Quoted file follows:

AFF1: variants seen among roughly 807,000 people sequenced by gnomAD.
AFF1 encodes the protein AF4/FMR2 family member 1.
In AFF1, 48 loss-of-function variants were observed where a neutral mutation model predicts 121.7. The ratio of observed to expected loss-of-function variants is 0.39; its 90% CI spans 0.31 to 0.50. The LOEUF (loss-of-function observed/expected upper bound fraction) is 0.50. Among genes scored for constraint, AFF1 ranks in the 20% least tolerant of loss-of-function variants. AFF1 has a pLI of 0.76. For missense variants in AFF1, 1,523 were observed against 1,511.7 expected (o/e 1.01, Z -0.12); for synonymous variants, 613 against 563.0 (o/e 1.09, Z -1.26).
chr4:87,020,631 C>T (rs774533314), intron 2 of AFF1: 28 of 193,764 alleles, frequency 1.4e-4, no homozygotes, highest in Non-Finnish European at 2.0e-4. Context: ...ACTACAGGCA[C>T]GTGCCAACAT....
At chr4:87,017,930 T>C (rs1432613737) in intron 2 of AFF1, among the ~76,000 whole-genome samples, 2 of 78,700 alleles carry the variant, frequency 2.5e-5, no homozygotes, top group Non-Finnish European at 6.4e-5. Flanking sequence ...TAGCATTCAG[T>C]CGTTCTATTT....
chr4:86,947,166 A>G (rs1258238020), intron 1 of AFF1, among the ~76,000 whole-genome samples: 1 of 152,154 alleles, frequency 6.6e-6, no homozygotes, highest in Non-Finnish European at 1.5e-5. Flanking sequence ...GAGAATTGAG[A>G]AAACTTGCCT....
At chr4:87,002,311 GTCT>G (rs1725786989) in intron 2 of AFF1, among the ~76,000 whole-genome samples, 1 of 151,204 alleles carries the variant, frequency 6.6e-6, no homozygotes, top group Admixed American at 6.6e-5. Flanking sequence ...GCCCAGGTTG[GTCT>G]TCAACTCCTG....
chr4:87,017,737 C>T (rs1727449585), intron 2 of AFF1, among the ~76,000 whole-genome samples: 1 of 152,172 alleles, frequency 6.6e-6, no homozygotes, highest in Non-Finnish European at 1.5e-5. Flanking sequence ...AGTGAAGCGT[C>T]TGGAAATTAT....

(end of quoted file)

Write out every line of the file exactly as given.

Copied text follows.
AFF1: variants seen among roughly 807,000 people sequenced by gnomAD.
AFF1 encodes the protein AF4/FMR2 family member 1.
In AFF1, 48 loss-of-function variants were observed where a neutral mutation model predicts 121.7. The ratio of observed to expected loss-of-function variants is 0.39; its 90% CI spans 0.31 to 0.50. The LOEUF (loss-of-function observed/expected upper bound fraction) is 0.50. Among genes scored for constraint, AFF1 ranks in the 20% least tolerant of loss-of-function variants. AFF1 has a pLI of 0.76. For missense variants in AFF1, 1,523 were observed against 1,511.7 expected (o/e 1.01, Z -0.12); for synonymous variants, 613 against 563.0 (o/e 1.09, Z -1.26).
chr4:87,020,631 C>T (rs774533314), intron 2 of AFF1: 28 of 193,764 alleles, frequency 1.4e-4, no homozygotes, highest in Non-Finnish European at 2.0e-4. Context: ...ACTACAGGCA[C>T]GTGCCAACAT....
At chr4:87,017,930 T>C (rs1432613737) in intron 2 of AFF1, among the ~76,000 whole-genome samples, 2 of 78,700 alleles carry the variant, frequency 2.5e-5, no homozygotes, top group Non-Finnish European at 6.4e-5. Flanking sequence ...TAGCATTCAG[T>C]CGTTCTATTT....
chr4:86,947,166 A>G (rs1258238020), intron 1 of AFF1, among the ~76,000 whole-genome samples: 1 of 152,154 alleles, frequency 6.6e-6, no homozygotes, highest in Non-Finnish European at 1.5e-5. Flanking sequence ...GAGAATTGAG[A>G]AAACTTGCCT....
At chr4:87,002,311 GTCT>G (rs1725786989) in intron 2 of AFF1, among the ~76,000 whole-genome samples, 1 of 151,204 alleles carries the variant, frequency 6.6e-6, no homozygotes, top group Admixed American at 6.6e-5. Flanking sequence ...GCCCAGGTTG[GTCT>G]TCAACTCCTG....
chr4:87,017,737 C>T (rs1727449585), intron 2 of AFF1, among the ~76,000 whole-genome samples: 1 of 152,172 alleles, frequency 6.6e-6, no homozygotes, highest in Non-Finnish European at 1.5e-5. Flanking sequence ...AGTGAAGCGT[C>T]TGGAAATTAT....